Sophomore Bryceton Scurr looks to the stars for ways to translate his Engineering major skills into a virtual internship for the National Aeronautics and Space Administration (NASA) as an agency-wide human resources developer and creative writer.
Scurr, who serves as both ASWC Senate’s Residential Hall representative and chair of the Student Feedback Committee, is a resident of Oahu, Hawaii. At home, he loved greeting his friends at the local farmers market with shaka gestures and hanging at Waikiki Beach. As a physics enthusiast during high school, it was only natural for him to pursue a career in engineering.
This year, while continuing to develop applied physics expertise in a class setting, Scurr decided to intern on campus in the Weingart Center for Career and Professional Development this past summer where he came across a high-profile NASA internship by chance. With the encouragement of Assistant Dean Debra Pratt, he applied in a heartbeat for the internship offered by the Virtual Student Foreign Service (VSFS), the largest virtual internship program in the world.
After rewriting his application four times, and psyching himself up about the possibility of working directly under one of NASA’s main headquarters in Washington D.C., Scurr received an email in late August discussing his selection for phase two of the application process. The second phase required submitting a one-minute video describing his academic and personal goals. “This was the most fun,” Scurr said. “Once I received the letter of honor, I immediately called my mom, of course, and she screamed. I felt that all my hard work had payed off. It felt so surreal.”
As part of the NASA team of seven other graduate and undergraduate interns, Scurr will be working on creative strategies and project development over the next eight months. Networking is an essential aspect of his role and has given him the opportunity to talk to different executives in NASA about their latest projects. One of Scurr’s first tasks as part of the project was to collect and post content on Twitter to help promote NASA’s initiative as represented by their #NASAproud.
“I appreciated the fact that many of these top notch exectives were willing to share their stories,” Scurr said. “One executive told me about how he got to create his own job title as Innovations manager, which was really cool. There are so many opportunities within NASA that I didn’t know about.”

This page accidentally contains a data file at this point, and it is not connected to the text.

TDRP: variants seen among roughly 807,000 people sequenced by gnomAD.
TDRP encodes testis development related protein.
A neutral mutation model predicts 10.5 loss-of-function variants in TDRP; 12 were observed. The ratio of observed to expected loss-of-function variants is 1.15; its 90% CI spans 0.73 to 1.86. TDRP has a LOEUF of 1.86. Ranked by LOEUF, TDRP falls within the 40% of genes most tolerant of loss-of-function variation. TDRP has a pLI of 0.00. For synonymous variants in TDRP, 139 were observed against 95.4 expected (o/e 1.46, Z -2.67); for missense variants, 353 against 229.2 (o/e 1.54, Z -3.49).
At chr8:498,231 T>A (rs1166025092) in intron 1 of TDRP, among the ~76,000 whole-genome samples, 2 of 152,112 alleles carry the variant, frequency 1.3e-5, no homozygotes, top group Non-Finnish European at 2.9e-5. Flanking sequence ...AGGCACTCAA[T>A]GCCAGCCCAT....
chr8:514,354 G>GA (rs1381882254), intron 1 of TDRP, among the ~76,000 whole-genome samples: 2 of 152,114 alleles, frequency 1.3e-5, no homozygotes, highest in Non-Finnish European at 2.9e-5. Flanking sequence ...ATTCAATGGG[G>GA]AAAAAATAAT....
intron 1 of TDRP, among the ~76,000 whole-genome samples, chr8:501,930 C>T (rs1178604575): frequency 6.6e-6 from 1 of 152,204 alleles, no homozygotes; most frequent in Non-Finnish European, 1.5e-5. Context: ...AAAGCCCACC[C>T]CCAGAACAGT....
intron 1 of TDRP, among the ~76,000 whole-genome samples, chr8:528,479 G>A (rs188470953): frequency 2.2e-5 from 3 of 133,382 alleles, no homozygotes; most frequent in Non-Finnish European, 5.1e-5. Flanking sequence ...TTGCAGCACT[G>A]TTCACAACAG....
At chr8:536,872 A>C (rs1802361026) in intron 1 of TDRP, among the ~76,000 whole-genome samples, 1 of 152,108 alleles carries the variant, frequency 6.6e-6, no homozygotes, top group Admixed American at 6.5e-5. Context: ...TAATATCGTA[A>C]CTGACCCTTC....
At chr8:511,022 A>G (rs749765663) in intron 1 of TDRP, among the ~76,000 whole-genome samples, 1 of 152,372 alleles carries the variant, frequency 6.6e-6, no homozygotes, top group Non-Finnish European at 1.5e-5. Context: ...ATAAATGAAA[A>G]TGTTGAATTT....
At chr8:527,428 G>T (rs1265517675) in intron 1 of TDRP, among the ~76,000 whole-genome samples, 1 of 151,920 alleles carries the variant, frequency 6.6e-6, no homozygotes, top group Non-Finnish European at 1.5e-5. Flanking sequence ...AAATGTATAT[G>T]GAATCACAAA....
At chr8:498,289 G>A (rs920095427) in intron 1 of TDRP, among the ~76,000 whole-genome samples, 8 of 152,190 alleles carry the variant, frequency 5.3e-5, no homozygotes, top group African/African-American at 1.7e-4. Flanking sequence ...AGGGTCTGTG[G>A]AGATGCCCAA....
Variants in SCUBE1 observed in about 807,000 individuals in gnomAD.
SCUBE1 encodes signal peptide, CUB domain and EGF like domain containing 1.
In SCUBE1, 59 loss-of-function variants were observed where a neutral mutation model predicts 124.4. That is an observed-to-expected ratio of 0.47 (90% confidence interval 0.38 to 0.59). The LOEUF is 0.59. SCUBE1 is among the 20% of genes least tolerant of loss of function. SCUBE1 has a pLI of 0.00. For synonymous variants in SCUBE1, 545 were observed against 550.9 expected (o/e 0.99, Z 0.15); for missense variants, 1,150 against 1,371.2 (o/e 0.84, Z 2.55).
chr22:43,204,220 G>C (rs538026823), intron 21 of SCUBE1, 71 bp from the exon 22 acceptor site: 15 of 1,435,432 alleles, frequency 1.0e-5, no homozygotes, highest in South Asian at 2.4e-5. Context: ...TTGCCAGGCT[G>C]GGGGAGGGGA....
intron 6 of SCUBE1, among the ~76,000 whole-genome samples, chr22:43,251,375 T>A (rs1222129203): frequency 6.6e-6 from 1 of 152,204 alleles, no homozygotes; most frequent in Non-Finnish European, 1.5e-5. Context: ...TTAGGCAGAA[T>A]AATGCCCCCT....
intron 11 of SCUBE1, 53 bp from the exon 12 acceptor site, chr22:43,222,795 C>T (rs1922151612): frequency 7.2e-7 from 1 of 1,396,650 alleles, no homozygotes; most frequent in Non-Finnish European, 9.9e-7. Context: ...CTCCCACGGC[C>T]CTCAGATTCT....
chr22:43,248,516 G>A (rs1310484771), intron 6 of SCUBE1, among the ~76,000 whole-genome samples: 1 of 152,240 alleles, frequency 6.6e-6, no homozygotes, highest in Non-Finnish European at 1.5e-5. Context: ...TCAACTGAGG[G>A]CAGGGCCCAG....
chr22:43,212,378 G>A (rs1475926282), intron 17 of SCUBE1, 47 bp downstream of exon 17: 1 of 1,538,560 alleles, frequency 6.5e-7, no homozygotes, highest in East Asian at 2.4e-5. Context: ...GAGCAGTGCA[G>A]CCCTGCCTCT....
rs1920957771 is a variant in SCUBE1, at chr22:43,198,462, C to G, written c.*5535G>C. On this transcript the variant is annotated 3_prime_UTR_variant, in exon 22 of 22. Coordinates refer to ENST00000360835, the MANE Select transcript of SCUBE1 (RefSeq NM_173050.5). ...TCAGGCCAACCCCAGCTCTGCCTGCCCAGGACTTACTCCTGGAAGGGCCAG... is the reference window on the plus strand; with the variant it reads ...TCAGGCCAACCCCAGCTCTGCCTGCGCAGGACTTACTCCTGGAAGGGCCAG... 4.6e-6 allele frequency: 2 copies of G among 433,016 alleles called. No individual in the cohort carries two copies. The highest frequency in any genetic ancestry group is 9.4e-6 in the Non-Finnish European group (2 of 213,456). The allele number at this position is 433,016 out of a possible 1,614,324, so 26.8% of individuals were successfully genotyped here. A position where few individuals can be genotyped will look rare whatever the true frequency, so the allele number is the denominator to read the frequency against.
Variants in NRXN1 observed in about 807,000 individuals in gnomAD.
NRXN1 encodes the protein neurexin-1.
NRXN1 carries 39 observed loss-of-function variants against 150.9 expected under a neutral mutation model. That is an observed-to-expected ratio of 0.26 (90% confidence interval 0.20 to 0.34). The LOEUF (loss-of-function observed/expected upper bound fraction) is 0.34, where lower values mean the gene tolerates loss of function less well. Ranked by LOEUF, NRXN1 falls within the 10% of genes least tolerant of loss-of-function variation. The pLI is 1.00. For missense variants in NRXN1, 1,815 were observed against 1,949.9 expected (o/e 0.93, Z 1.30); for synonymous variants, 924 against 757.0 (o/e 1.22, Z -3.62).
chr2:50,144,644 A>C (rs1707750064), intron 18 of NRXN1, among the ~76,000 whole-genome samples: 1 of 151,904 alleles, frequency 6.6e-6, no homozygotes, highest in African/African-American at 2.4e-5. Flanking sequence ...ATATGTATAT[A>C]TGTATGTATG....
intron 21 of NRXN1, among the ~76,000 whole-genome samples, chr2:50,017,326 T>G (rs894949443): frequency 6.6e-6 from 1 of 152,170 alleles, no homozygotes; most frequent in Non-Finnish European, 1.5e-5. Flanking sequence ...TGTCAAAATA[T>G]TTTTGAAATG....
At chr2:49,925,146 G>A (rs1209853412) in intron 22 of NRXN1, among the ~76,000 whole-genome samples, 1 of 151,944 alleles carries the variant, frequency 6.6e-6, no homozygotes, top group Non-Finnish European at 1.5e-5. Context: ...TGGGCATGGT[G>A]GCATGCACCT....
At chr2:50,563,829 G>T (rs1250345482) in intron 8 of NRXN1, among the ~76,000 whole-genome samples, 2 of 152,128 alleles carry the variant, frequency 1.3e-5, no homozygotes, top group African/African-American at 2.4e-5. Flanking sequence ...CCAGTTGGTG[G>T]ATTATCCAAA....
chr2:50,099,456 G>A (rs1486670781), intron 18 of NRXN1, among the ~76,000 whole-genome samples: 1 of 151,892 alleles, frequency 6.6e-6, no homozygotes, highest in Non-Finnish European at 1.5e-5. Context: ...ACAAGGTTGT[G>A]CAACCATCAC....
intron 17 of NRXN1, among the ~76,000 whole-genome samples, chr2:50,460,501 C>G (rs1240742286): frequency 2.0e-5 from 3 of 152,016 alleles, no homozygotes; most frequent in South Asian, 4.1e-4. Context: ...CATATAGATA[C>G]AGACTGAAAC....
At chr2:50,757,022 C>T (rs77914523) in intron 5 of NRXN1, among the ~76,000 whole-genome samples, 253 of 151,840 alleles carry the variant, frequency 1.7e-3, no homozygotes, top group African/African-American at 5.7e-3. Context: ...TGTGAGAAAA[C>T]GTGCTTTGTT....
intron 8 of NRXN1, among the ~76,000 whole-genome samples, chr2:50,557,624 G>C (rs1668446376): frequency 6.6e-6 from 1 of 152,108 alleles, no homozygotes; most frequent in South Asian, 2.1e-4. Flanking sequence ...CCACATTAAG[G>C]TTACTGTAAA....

Just this week, after skyping with his supervisor, the Chief of the Office of Human Capital Management, Scurr was assigned his next task: to coordinate NASA’s yearly Benchmark event. As part of this project, Scurr is responsible for coming up with the guest list of NASA executive attendees representing each department and developing an agency-wide workforce program on topics such as work-life balance, emotional intelligence, employee satisfaction, and performance analytics.
“Instead of someone briefing on what NASA does, it will be an opportunity for a few executives to talk about what they are doing in their office and strategies on ways of improving work performance and employee satisfaction,” Scurr said. “My goal is to really market their catchphrase ‘Innovation the NASA Way’ through project management.”
Although this internship is not directly space technology-related, it has made Scurr understand the importance of communication in engineering. “Just understanding NASA’s culture makes me see who I want to be as an employee whether or not I end up continuing the engineering path or if I go into corporal side of engineering.”
After one more year here at Whittier, Scurr like other 3-2 engineer majors will transfer to USC where he will complete his Bachelor’s of Engineering. At the USC Viterbi School of Engineering he will take more specialized classes through which he hopes to learn more about the development of aircraft and spacecraft in aerospace engineering. “They have a rocket club which would be cool to have here,” said Scurr. “As part of USC’s rocket program, they built a rocket that broke a record and went into atmosphere; about 100,000 feet. into the air.”
So far, learning all the new mechanics of engineering has been Scurr’s favorite part of the engineering program here on campus. “I love solving problems and optimizing things for the best outcome,” Scurr said. “Right now I am learning about light waves which is difficult to conceptualize but the most satisfaction comes from being confused about it but then all of a sudden you get that ‘aha moment.’”
Scurr’s internship will include future projects like interviewing NASA employee focus groups, researching agency-wide workforce communications, and marketing new products to senior leadership at the end of the internship in April 2017. “I really hope to learn from the feedback I receive from these top executives and turn it around relatively quickly into an improved product,” said Scurr.
In the not too distant future, Scurr hopes to go into computer or electrical engineering. He notes that working for NASA’s Jet Propulsion Laboratory and on the Mars Project would be a dream come true. “The possibilities in space technology are limitless,” said Scurr.